James Strong: a life lived at full throttle

Five-time world motorcycle champion Mick Doohan summed up best his friend James Strong, one of Australia's leading business figures.

Five-time world motorcycle champion Mick Doohan summed up best his friend James Strong, one of Australia's leading business figures.

"He lived life at full throttle - and he's the only bow-tie bikie I know," he told a memorial service for the former Qantas boss in Sydney on Monday. "If he was a motorcyclist, he would be the world champion. And he was obviously a world champion in the business arena."

More than a 1000 mourners from across Australia's business, arts and sporting fraternities gathered to pay tribute at Sydney's City Recital Hall to the man known for his signature bow ties.

Earlier in the day, as a salute to the former chief executive of Qantas and Australian Airlines, a Qantas A380 superjumbo flew low over the city from north to south. It was a fitting farewell for a man who played a key role in shaping the country's aviation industry.

Attendees at the memorial service included federal government ministers Simon Crean and Peter Garrett, former Liberal senator Helen Coonan, former Reserve Bank governor Ian Macfarlane and NSW Governor Marie Bashir.

Other senior figures were Qantas chief executive Alan Joyce and his predecessor Geoff Dixon, Woolworths boss Grant O'Brien, Telstra director Geoffrey Cousins, former NSW premier Nick Greiner and Fairfax chairman Roger Corbett.

Mr Joyce told the service Mr Strong got Qantas "ready for the future, uniting the tribes into one cohesive whole ... and leading Qantas through its successful rebirth as a public company".

"He was a true gentleman but also a fighter; an opera buff and a revhead, a mountain climber and a bookworm; a businessman and a dreamer," Mr Joyce said.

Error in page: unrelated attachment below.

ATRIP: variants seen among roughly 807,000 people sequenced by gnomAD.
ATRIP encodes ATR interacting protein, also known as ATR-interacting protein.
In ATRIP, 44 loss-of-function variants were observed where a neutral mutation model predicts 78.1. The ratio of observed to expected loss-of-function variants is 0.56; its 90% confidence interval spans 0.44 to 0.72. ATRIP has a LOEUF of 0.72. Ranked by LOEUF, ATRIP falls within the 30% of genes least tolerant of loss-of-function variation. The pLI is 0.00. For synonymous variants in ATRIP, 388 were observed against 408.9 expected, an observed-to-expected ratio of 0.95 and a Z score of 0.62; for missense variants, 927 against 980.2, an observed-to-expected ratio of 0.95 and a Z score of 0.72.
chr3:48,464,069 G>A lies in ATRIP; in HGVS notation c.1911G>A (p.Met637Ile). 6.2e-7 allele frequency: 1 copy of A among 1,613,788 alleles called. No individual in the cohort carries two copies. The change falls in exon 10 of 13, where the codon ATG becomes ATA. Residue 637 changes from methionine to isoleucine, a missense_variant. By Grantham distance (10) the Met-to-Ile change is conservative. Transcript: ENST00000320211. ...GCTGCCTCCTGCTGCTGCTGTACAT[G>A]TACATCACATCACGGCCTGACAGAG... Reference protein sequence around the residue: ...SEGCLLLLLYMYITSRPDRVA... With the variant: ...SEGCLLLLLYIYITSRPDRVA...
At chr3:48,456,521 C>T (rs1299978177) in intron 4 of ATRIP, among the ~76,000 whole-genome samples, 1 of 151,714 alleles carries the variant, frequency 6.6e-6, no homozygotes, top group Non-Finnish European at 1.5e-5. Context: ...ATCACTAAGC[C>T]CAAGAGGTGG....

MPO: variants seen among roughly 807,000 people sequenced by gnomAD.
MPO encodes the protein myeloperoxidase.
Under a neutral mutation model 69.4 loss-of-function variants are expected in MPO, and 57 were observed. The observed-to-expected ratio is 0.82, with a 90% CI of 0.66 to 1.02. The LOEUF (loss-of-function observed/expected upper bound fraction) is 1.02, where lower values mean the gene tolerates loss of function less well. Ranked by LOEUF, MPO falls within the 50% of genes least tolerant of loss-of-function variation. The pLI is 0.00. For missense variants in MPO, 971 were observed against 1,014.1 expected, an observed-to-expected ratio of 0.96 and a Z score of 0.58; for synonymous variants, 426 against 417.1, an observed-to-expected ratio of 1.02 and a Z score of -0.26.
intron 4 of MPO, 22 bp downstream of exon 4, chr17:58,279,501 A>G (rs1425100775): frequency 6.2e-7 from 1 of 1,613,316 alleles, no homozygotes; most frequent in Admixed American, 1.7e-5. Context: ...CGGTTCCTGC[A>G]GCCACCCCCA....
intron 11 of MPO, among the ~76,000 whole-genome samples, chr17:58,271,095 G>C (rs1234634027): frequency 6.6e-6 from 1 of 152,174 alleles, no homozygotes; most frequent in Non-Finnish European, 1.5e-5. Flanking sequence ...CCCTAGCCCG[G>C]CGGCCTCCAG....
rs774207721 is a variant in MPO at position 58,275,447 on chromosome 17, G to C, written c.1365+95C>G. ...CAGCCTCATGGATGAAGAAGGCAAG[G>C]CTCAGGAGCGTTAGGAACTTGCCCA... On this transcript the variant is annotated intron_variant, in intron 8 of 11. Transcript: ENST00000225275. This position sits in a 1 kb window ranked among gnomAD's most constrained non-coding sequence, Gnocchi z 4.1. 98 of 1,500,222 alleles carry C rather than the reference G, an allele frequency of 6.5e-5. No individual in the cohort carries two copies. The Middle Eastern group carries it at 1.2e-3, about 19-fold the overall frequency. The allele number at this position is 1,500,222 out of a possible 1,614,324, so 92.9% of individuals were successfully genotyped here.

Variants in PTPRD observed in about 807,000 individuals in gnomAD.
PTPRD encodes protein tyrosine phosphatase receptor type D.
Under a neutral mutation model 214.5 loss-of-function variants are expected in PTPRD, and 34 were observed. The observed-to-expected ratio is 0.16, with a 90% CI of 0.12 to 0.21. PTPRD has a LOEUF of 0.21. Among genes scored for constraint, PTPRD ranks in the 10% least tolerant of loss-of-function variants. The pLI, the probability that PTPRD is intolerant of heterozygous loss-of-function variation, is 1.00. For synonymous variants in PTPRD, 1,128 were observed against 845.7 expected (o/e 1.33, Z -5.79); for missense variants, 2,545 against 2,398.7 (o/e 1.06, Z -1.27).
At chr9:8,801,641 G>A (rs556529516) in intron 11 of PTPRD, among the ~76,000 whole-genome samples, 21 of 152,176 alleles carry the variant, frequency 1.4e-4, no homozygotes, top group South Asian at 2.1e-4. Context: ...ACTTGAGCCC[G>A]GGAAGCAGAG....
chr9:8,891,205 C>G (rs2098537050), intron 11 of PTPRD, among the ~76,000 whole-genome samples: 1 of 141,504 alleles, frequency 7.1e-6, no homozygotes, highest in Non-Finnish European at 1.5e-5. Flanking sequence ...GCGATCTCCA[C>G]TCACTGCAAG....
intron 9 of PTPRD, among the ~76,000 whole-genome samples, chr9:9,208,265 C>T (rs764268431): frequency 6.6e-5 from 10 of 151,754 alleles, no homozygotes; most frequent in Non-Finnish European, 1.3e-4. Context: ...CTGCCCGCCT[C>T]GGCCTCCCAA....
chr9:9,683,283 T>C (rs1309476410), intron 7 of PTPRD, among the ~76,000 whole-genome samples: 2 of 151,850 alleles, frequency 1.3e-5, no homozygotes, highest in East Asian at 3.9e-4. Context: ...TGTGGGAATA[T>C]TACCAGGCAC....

"James will be remembered forever as a giant of Australian aviation and of Qantas history."

Future Fund chairman David Gonski remembered meeting Mr Strong 20 years ago at a function where he was easy to spot because he was the only person wearing a bow tie, and the "only person with a scrum of people around him".

"He was famous - I was not," Mr Gonski said.

Yet he recalled Mr Strong welcoming him warmly and giving of his time despite the demands as a high-profile businessman.

Mr Gonski met him for the last time for lunch in November, when Mr Strong talked about finishing up many of his commitments and focusing on new pursuits.

"Our community and our country have been robbed of a third chapter, and perhaps even more chapters, of the efforts of an enormously talented man," he said. "Whenever I spy a bow tie across a crowded room, or even in a street, my mind will remember a gentleman - a man who contributed enormously to Australia generally."

Mr Strong, 68, died in Sydney just over a week ago of lung complications from surgery. He leaves behind his wife, Jeanne-Claude, and his sons Nick and Sam.

Sam Strong told the service one of his father's enduring qualities was his generosity with advice; he had lost count of the number of people he had mentored.

Likewise, he said his father had a willingness to listen. "When you spoke to Dad, you felt like you were the only person in the world. I can't recall Dad ever being too busy to talk," he said.

Other attendees included former world motorcycle champion Casey Stoner, Sydney celebrity chief Neil Perry, former director of the Art Gallery of NSW Edmund Capon, Leighton chief financial officer Peter Gregg, UGL chairman Trevor Rowe and Business Council of Australia president Tony Shepherd.

Mr Strong's near five-decade career spanned several industries including aviation, law, retail and insurance. Apart from his role as Qantas CEO, his senior positions included chairman of Woolworths, IAG, Rip Curl and Kathmandu.

He shot to prominence running Australian Airlines in the 1980s, before taking the reins at Qantas in 1993. His eight years in one of the highest-profile corporate jobs in the nation included integrating Australian Airlines into the "Flying Kangaroo", and overseeing the 1995 float of the larger carrier.

Born in Lismore in northern NSW, Mr Strong had a wide array of interests outside the corporate world, including parachuting, whitewater rafting, and the arts.

His arts contribution was recognised on Monday by a performance of the Australian Brandenburg Orchestra, director Paul Dyer and singer Bernadette Robinson.

Mr Strong served as chairman of the Australia Council for the Arts. He was also a director of Opera Australia, the Sydney Writers Festival and chairman of the Sydney Theatre Company, Australian Brandenburg Orchestra and the Australia Business Arts Foundation. He also chaired the organising committee for the 2015 Cricket World Cup and V8 Supercars, and was a director of the Australian Grand Prix.

Related Articles